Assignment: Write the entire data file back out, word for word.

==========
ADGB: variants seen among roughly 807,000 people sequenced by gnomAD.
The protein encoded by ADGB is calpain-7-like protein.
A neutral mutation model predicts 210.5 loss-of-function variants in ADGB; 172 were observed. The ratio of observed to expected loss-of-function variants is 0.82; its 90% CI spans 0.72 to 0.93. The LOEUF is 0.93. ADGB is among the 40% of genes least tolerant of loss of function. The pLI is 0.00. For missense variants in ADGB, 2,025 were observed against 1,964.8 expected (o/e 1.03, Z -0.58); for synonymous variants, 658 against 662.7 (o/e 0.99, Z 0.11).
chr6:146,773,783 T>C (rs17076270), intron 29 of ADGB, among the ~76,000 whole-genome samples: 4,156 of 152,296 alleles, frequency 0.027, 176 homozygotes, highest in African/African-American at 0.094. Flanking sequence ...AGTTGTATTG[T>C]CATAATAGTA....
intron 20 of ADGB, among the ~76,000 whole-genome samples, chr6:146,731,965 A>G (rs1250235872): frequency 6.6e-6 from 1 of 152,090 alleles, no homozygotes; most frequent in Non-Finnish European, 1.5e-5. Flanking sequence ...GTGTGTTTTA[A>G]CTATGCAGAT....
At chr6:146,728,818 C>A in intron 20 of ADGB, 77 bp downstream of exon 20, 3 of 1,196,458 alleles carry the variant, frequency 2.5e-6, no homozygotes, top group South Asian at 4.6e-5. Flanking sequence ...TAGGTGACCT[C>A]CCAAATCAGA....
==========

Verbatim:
ADGB: variants seen among roughly 807,000 people sequenced by gnomAD.
The protein encoded by ADGB is calpain-7-like protein.
A neutral mutation model predicts 210.5 loss-of-function variants in ADGB; 172 were observed. The ratio of observed to expected loss-of-function variants is 0.82; its 90% CI spans 0.72 to 0.93. The LOEUF is 0.93. ADGB is among the 40% of genes least tolerant of loss of function. The pLI is 0.00. For missense variants in ADGB, 2,025 were observed against 1,964.8 expected (o/e 1.03, Z -0.58); for synonymous variants, 658 against 662.7 (o/e 0.99, Z 0.11).
chr6:146,773,783 T>C (rs17076270), intron 29 of ADGB, among the ~76,000 whole-genome samples: 4,156 of 152,296 alleles, frequency 0.027, 176 homozygotes, highest in African/African-American at 0.094. Flanking sequence ...AGTTGTATTG[T>C]CATAATAGTA....
intron 20 of ADGB, among the ~76,000 whole-genome samples, chr6:146,731,965 A>G (rs1250235872): frequency 6.6e-6 from 1 of 152,090 alleles, no homozygotes; most frequent in Non-Finnish European, 1.5e-5. Flanking sequence ...GTGTGTTTTA[A>G]CTATGCAGAT....
At chr6:146,728,818 C>A in intron 20 of ADGB, 77 bp downstream of exon 20, 3 of 1,196,458 alleles carry the variant, frequency 2.5e-6, no homozygotes, top group South Asian at 4.6e-5. Flanking sequence ...TAGGTGACCT[C>A]CCAAATCAGA....